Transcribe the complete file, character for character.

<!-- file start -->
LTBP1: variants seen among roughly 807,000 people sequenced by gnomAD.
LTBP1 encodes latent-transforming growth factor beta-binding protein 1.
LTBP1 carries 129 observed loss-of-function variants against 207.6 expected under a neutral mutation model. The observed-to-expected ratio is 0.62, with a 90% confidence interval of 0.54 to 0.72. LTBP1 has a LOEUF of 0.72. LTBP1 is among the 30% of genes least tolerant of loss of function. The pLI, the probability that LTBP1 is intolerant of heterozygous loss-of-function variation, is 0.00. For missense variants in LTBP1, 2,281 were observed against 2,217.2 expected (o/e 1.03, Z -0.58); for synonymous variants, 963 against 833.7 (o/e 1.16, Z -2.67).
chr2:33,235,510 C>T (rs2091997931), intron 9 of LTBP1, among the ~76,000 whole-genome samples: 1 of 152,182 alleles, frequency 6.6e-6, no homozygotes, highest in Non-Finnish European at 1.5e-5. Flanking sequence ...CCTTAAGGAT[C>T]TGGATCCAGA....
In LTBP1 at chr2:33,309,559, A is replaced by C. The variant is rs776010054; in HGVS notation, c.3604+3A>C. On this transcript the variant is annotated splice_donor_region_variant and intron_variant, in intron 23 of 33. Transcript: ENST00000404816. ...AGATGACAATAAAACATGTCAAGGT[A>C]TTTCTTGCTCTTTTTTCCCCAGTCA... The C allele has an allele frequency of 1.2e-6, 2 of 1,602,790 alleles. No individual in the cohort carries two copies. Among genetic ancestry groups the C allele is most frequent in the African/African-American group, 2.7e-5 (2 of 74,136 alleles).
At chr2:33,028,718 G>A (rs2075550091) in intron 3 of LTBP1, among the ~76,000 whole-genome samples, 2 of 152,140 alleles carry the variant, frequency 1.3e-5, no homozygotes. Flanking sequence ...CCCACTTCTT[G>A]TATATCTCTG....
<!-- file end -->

LTBP1: variants seen among roughly 807,000 people sequenced by gnomAD.
LTBP1 encodes latent-transforming growth factor beta-binding protein 1.
LTBP1 carries 129 observed loss-of-function variants against 207.6 expected under a neutral mutation model. The observed-to-expected ratio is 0.62, with a 90% confidence interval of 0.54 to 0.72. LTBP1 has a LOEUF of 0.72. LTBP1 is among the 30% of genes least tolerant of loss of function. The pLI, the probability that LTBP1 is intolerant of heterozygous loss-of-function variation, is 0.00. For missense variants in LTBP1, 2,281 were observed against 2,217.2 expected (o/e 1.03, Z -0.58); for synonymous variants, 963 against 833.7 (o/e 1.16, Z -2.67).
chr2:33,235,510 C>T (rs2091997931), intron 9 of LTBP1, among the ~76,000 whole-genome samples: 1 of 152,182 alleles, frequency 6.6e-6, no homozygotes, highest in Non-Finnish European at 1.5e-5. Flanking sequence ...CCTTAAGGAT[C>T]TGGATCCAGA....
In LTBP1 at chr2:33,309,559, A is replaced by C. The variant is rs776010054; in HGVS notation, c.3604+3A>C. On this transcript the variant is annotated splice_donor_region_variant and intron_variant, in intron 23 of 33. Transcript: ENST00000404816. ...AGATGACAATAAAACATGTCAAGGT[A>C]TTTCTTGCTCTTTTTTCCCCAGTCA... The C allele has an allele frequency of 1.2e-6, 2 of 1,602,790 alleles. No individual in the cohort carries two copies. Among genetic ancestry groups the C allele is most frequent in the African/African-American group, 2.7e-5 (2 of 74,136 alleles).
At chr2:33,028,718 G>A (rs2075550091) in intron 3 of LTBP1, among the ~76,000 whole-genome samples, 2 of 152,140 alleles carry the variant, frequency 1.3e-5, no homozygotes. Flanking sequence ...CCCACTTCTT[G>A]TATATCTCTG....